24. Change in insulin levels with switch from olanzapine to risperidone plus DMXB-A [ Time Frame: measured at baseline and 6 weeks ]
    The difference insulin levels measured on olanzapine at baseline and at 6 weeks on risperidone plus DMXB-A

  25. Change in hemoglobin A1C with switch from olanzapine to risperidone plus DMXB-A [ Time Frame: measured at baseline and 6 weeks ]
    The difference in Hemoglobin A1C measured on olanzapine at baseline and at 6 weeks on risperidone plus DMXB-A



Information from the National Library of Medicine

Choosing to participate in a study is an important personal decision. Talk with your doctor and family members or friends about deciding to join a study. To learn more about this study, you or your doctor may contact the study research staff using the contacts provided below. For general information, Learn About Clinical Studies.


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Ages Eligible for Study:   18 Years to 70 Years   (Adult, Older Adult)
Sexes Eligible for Study:   All
Accepts Healthy Volunteers:   No
Criteria

Inclusion Criteria:

  • BMI > 25
  • Diagnosis of schizophrenia or schizoaffective disorder
  • 18-75 years of age
  • Taking olanzapine at least 10 mg
  • If female, willing to use acceptable birth control during the study
  • fluent in english

Exclusion Criteria:

  • No emergent serious medical issues:

    • cardiovascular disease
    • neurological illnesses including -

      • severe head injury
      • HIV infection
      • liver disease
      • blood diseases
      • kidney disease
  • No drugs of abuse
  • Not pregnant
  • Not able to fast
  • History of severe head injury

Information from the National Library of Medicine

To learn more about this study, you or your doctor may contact the study research staff using the contact information provided by the sponsor.

Please refer to this study by its ClinicalTrials.gov identifier (NCT number): NCT02538081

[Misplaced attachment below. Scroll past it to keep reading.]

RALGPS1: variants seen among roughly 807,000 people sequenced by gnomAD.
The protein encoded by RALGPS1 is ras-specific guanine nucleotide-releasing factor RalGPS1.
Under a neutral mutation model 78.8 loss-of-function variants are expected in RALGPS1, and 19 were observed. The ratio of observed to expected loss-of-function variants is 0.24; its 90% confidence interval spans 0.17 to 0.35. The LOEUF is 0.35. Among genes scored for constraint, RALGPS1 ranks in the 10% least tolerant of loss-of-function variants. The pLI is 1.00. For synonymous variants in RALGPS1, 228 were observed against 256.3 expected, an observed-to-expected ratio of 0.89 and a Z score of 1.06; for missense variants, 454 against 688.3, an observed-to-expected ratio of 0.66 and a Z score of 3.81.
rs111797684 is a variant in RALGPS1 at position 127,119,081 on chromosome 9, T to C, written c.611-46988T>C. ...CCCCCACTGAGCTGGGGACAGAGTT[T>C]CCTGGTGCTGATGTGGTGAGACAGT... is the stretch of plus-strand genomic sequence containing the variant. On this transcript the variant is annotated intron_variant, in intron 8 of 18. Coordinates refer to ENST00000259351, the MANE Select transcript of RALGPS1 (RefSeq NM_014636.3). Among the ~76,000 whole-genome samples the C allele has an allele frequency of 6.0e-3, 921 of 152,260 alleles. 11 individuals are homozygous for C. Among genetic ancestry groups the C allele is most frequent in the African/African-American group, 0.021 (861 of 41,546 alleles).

Locations
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United States, Colorado
VA Eastern Colorado Health Care System, Denver, CO
Denver, Colorado, United States, 80220
Sponsors and Collaborators
VA Office of Research and Development
University of Colorado, Denver
Investigators
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Principal Investigator: Robert Freedman, MD VA Eastern Colorado Health Care System, Denver, CO

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Responsible Party: VA Office of Research and Development
ClinicalTrials.gov Identifier: NCT02538081     History of Changes
Other Study ID Numbers: CLNA-008-14S
14-1443 ( Other Identifier: University of Colorado, Denver )
First Posted: September 2, 2015    Key Record Dates
Last Update Posted: May 30, 2017
Last Verified: May 2017
Individual Participant Data (IPD) Sharing Statement:
Plan to Share IPD: No
Keywords provided by VA Office of Research and Development:
schizophrenia
olanzapine
risperidone
alpha 7 nicotinic receptors
cognition
Additional relevant MeSH terms:
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Schizophrenia
Schizophrenia Spectrum and Other Psychotic Disorders
Mental Disorders
Olanzapine
Risperidone
3-(2,4-dimethoxybenzylidene)anabaseine
Serotonin Antagonists
Serotonin Agents
Neurotransmitter Agents
Molecular Mechanisms of Pharmacological Action
Physiological Effects of Drugs
Antipsychotic Agents
Tranquilizing Agents
Central Nervous System Depressants
Psychotropic Drugs
Dopamine Antagonists
Dopamine Agents
Antiemetics
Autonomic Agents
Peripheral Nervous System Agents
Gastrointestinal Agents
Serotonin Uptake Inhibitors
Neurotransmitter Uptake Inhibitors
Membrane Transport Modulators
Nicotinic Agonists
Cholinergic Agonists
Cholinergic Agents